Form validation and delivering user-friendly, useful error messaging is very important for all users. Here’s a short guide to errors in forms and here’s a look at why errors happen.

If you found it hard to navigate the web page or couldn’t even see it imagine how much more difficult it would be to correct errors in a form. I ask the user experience design community for their advice on error handling in an accessible way.

WebAIM’s guide to Usable and Accessible Form Validation and Error Recovery was top of the list of go-to resources, followed by Web Usability’s Accessible Forms Using WCAG 2.0. (Both shared by @whitingx, UX designer and researcher).

Tarnoff (@gregtarnoff) shared his favourite example of delivering error messages in a more accessible way; error messaging next to the form field that also includes skip links to the next error.

A form with errors and skip links to the next error

Skip links save time for keyboard users

He also offered me this advice, “My recommendation is an error or hint placed in the <label> of that input. You can position them wherever you want, but then the AT [assistive technology] reads it and explains what to do before hitting the field.” This is great advice as it’s pre-empting errors occurring.

We both agreed that linking to vs. tabbing through the form to get to the next error is ‘super handy’.

CAPTCHAs

I couldn’t end this post without mentioning CAPTCHAs. We’ve mentioned them on the blog before. CAPTCHAs are, by their nature, difficult to see. Anyone with low vision will struggle to differentiate the letters. Screen readers also struggle to read out the text because CAPTCHA are designed to deter robots, which screen readers essentially are.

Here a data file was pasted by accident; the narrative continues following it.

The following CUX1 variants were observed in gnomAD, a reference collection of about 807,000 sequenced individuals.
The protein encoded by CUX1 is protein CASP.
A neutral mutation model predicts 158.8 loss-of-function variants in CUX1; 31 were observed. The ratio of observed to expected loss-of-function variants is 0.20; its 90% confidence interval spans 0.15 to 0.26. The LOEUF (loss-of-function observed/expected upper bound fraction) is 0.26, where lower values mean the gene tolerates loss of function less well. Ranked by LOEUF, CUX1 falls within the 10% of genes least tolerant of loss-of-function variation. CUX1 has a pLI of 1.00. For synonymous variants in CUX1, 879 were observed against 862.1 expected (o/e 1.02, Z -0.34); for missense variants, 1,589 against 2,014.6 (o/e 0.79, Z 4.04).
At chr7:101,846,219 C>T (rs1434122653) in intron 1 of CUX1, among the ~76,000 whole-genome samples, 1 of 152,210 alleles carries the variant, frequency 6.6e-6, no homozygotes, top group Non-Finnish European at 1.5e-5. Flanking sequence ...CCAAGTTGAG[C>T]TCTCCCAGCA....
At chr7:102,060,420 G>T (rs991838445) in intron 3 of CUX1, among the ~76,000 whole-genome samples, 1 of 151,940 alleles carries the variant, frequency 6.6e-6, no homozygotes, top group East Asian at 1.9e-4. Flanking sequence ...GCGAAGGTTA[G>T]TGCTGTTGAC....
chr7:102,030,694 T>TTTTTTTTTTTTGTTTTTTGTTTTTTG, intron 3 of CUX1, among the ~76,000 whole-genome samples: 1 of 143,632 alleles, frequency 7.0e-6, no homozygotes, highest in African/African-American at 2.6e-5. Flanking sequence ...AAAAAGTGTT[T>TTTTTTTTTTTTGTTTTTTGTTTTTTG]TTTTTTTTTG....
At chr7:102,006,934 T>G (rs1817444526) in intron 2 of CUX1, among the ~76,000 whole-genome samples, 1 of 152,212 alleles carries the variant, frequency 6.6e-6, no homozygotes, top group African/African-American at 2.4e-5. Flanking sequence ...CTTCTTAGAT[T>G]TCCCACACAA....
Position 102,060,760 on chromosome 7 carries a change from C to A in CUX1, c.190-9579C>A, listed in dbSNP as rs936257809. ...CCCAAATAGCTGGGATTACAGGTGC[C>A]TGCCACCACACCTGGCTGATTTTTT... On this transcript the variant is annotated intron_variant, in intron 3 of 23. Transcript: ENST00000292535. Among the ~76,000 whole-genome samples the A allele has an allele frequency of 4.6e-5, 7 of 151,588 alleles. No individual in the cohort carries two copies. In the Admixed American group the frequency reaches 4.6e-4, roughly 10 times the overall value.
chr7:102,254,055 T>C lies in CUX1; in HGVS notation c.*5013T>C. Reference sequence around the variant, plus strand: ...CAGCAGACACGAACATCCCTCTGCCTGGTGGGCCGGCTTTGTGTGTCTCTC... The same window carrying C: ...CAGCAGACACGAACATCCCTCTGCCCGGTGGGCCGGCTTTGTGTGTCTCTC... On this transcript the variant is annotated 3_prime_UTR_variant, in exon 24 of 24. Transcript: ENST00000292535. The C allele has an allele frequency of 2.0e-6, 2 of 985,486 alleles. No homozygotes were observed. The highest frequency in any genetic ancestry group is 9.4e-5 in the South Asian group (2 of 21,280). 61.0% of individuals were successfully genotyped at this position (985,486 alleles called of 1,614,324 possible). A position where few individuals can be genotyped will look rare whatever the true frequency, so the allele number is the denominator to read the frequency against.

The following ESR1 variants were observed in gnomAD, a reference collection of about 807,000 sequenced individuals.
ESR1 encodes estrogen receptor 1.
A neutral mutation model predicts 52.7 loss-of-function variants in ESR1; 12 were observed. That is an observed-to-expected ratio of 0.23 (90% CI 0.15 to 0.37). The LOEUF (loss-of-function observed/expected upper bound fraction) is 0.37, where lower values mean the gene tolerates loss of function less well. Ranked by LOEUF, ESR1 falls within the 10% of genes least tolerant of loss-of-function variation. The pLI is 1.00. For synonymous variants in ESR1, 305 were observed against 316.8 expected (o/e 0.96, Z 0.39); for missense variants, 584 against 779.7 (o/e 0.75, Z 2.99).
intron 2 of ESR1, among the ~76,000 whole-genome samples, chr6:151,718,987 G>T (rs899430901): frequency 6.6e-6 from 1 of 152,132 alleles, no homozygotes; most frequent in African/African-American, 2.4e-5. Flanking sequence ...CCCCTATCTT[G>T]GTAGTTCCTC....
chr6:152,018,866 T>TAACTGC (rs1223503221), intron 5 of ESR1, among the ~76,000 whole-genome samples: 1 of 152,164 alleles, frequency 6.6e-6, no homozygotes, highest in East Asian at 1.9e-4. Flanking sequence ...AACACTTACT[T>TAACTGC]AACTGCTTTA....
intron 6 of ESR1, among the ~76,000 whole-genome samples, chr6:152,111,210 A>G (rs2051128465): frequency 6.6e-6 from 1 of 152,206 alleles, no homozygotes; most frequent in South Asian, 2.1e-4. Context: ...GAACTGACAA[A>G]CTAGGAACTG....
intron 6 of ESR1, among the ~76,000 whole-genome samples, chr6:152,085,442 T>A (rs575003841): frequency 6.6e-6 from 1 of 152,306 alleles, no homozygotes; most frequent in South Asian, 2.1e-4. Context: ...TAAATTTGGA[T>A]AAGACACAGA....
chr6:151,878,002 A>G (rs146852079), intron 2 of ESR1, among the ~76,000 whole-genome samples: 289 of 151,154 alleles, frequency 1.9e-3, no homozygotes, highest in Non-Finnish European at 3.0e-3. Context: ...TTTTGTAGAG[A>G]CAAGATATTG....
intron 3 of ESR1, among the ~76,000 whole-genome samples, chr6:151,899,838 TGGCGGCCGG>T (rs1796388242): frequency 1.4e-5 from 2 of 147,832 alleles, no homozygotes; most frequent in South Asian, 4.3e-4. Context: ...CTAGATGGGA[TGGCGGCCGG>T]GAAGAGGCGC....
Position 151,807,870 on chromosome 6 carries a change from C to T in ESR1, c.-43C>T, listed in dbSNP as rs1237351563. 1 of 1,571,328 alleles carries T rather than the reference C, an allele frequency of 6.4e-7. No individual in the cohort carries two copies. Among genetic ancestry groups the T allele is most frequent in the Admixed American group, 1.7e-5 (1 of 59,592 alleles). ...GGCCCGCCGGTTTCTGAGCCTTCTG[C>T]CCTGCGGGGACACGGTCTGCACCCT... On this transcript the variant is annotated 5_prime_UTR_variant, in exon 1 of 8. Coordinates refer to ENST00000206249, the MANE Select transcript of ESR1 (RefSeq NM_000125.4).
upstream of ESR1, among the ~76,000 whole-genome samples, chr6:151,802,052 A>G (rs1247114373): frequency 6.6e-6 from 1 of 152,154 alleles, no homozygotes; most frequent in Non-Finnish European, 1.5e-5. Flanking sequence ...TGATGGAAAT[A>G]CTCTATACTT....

An example of a CAPTCHA

CAPTCHAs are blurred and guard against machine reading

Although CAPTCHAs filter out spam you should be asking yourself what is more important? Dealing with spam or getting more conversions?

Find out more about the problems caused by CAPTCHA and the alternative solutions available.

Benefits to you

Developing your website and forms to be more accessible is not only the right thing to do but has many benefits for you too.

  • More people will be able to fill out your forms, increasing your conversion rate.
  • Accessible forms contribute to a better user experience for everyone because they’re easier to fill out.
  • Well coded forms can be picked up better by analytics scripts, such as those used by Formisimo.

What did you do to mark Global Accessibility Awareness Day? Developer Kate Busch-Petersen challenged us to ditch the mouse and try navigating a web page using only your keyboard.